Thursday, April 24, 2008
Public Defender’s Office Honored for Work on Behalf of Mentally Ill
By a MetNews Staff Writer
The Los Angeles County Public Defender’s Office has received a “best practices” award from the California Council on Mentally Ill Offenders for its Client Assessment Recommendation Evaluation Project, known as CARE.
The CARE program is designed to assist minors entering the juvenile justice system with mental health and special education needs. Special Operations Bureau Chief Michael Concha explained that many parents lack the resources or ability to help their children, who may have chronic undiagnosed educational deficits or psychological issues which contribute to their delinquent behavior.
“We need to find out what causes a child to act this way, and address those causes,” he told the MetNews. Through the CARE program, he said, an “unfortunate beginning can have a good ending.”
The program employs a team of psychiatric social workers, mental health professions, resource attorneys and other clinicians in order to assess and identify psycho-social and educational needs of children the Public Defender’s Office represents in order to make recommendations to the juvenile court for alternate treatment plans.
Public Defender Michael Judge said in a release that during the past four-and-a-half years, the courts have adopted 83 percent of the CARE program’s disposition recommendations. Also according to a the release, 76 percent of the youth whose cases were opened and closed between February 2004 and December 2005 had no new charges filed against them in the subsequent year.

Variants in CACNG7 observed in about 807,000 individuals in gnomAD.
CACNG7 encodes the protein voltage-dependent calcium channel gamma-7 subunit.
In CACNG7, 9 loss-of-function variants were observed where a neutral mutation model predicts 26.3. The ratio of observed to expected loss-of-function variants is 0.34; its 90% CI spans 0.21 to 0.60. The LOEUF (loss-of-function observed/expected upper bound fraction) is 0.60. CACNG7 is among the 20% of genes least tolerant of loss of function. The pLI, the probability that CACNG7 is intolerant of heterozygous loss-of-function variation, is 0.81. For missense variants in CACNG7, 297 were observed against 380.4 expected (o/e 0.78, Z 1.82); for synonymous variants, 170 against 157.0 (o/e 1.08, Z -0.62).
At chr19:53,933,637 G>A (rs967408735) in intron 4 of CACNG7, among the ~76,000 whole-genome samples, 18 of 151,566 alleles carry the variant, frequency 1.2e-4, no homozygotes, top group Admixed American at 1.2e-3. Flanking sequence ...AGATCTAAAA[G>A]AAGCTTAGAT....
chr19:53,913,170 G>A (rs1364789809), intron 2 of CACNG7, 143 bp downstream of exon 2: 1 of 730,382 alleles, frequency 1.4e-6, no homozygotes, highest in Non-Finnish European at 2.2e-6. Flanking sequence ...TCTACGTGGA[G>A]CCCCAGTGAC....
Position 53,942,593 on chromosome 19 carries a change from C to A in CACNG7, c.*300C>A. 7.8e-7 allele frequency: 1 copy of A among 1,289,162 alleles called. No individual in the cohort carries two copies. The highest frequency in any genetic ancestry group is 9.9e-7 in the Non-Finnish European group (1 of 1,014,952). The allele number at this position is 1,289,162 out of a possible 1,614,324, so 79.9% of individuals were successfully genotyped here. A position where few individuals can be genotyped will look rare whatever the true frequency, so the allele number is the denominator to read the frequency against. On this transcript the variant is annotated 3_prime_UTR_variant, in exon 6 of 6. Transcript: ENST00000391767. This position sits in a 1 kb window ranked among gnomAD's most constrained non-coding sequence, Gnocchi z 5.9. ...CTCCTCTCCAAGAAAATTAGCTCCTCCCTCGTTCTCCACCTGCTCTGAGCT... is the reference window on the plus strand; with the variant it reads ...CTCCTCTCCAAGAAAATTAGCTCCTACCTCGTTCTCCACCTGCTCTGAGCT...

Concha said “it’s been very rewarding to us to see the success rates…once the right combination of treatment and programs are given to [the children.]”
The program served approximately 11,000 children from its establishment in 1999 through the end of 2007. Concha said that additional personnel have been appointed to the program, and opined that it currently serves about 1,500 children per year.
The 90-day program is operated throughout the county in all 10 Public Defender juvenile branch offices, and typically serves about 400 youth at a time.
The California Council on Mentally Ill Offenders was established by former Gov. Gray Davis in 2001 in order to address the long-term needs of individuals with mental disorders who are likely to become offenders, or have a history of criminal offenses and is affiliated with the California Department of Corrections and Rehabilitation.
Other “best practices” honorees included: the San Francisco Superior Court’s Behavioral Health Court, a pre-plea felony court program; the Orange County Superior Court’s Co-Occurring Disorders Court, a post-adjudication alternative for mentally ill felony drug offenders; and the Santa Clara County Superior Court’s Mental Health Treatment Court and Court for the Individualized Treatment of Adolescents.
Copyright 2008, Metropolitan News Company